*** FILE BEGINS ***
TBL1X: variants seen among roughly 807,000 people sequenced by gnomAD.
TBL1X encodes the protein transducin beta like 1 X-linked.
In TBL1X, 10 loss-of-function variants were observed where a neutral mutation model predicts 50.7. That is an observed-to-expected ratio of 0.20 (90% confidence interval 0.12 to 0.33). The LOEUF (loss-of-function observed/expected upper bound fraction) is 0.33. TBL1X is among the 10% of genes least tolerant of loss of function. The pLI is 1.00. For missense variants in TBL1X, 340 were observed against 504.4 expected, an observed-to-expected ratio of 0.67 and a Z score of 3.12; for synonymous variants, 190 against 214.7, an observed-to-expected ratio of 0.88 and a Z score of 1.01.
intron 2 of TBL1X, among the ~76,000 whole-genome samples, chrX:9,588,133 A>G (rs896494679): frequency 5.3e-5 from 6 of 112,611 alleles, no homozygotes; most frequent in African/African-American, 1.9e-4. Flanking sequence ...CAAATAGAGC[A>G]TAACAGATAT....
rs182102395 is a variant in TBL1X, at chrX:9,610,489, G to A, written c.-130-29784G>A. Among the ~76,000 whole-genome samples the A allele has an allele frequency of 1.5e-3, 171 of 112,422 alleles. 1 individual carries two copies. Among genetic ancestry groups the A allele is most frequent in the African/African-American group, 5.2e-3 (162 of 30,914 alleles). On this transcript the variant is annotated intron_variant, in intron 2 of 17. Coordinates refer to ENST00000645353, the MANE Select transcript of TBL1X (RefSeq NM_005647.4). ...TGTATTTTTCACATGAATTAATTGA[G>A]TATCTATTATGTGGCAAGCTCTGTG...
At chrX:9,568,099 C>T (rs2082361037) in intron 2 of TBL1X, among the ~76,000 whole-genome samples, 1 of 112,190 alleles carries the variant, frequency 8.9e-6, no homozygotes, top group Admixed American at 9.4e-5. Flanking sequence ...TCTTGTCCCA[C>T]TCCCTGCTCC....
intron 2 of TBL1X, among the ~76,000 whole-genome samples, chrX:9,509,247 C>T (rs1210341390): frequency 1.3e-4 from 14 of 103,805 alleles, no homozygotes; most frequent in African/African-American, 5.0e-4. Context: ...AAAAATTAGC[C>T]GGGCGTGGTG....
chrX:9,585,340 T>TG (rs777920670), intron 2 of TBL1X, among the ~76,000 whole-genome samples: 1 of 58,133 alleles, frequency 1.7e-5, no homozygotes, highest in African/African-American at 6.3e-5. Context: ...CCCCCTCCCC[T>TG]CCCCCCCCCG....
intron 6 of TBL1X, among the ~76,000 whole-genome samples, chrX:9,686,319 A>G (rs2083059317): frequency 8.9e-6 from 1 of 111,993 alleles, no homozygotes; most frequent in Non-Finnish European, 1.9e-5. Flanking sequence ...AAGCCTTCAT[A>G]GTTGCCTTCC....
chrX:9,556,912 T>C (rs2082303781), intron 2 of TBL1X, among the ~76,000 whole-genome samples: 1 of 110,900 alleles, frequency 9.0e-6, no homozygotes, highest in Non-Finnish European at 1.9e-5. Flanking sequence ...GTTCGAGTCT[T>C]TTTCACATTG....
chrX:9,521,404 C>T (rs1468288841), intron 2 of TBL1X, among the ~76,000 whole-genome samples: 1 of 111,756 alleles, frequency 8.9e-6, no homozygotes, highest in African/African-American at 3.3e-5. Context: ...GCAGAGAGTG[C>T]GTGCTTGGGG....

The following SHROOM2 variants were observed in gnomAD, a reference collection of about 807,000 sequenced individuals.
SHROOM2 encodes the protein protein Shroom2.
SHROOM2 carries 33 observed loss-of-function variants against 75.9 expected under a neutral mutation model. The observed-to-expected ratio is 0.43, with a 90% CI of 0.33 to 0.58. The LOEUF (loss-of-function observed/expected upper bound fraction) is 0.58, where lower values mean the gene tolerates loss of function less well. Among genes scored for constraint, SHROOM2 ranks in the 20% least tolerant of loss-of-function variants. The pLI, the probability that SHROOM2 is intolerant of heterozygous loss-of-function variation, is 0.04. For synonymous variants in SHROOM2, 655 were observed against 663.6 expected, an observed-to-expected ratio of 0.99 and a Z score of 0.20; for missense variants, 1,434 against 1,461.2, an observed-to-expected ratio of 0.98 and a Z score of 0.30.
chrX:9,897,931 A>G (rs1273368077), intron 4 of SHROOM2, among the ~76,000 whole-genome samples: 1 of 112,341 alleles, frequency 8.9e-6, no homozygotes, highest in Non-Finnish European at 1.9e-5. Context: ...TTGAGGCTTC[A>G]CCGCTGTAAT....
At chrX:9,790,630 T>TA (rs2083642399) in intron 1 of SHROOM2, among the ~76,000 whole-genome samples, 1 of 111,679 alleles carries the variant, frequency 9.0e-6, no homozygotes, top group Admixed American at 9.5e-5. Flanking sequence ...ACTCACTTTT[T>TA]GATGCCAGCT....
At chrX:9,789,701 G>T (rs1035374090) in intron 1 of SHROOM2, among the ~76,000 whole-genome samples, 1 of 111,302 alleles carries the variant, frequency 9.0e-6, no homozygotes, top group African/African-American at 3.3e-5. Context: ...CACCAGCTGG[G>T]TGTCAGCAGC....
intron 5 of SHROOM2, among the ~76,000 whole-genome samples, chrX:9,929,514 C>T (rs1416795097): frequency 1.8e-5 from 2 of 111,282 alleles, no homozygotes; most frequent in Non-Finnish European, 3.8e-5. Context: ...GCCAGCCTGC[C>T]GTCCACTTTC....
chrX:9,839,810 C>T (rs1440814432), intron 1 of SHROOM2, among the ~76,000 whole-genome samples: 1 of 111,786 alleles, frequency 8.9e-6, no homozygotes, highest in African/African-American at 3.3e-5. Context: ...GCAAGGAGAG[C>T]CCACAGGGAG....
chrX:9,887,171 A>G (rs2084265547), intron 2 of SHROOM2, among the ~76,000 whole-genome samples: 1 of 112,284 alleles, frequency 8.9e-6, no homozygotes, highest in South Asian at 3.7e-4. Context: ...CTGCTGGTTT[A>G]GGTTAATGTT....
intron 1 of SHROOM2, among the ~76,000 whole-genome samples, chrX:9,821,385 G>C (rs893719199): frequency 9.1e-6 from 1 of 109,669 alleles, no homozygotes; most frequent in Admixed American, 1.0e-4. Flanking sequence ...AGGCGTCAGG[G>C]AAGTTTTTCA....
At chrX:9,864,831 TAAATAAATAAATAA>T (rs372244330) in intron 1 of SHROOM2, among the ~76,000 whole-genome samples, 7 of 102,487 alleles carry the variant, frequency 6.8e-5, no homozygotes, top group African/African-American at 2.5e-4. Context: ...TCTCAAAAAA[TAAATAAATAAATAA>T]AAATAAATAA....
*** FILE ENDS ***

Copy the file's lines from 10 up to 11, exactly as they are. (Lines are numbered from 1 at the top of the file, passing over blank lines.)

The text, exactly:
chrX:9,556,912 T>C (rs2082303781), intron 2 of TBL1X, among the ~76,000 whole-genome samples: 1 of 110,900 alleles, frequency 9.0e-6, no homozygotes, highest in Non-Finnish European at 1.9e-5. Flanking sequence ...GTTCGAGTCT[T>C]TTTCACATTG....
chrX:9,521,404 C>T (rs1468288841), intron 2 of TBL1X, among the ~76,000 whole-genome samples: 1 of 111,756 alleles, frequency 8.9e-6, no homozygotes, highest in African/African-American at 3.3e-5. Context: ...GCAGAGAGTG[C>T]GTGCTTGGGG....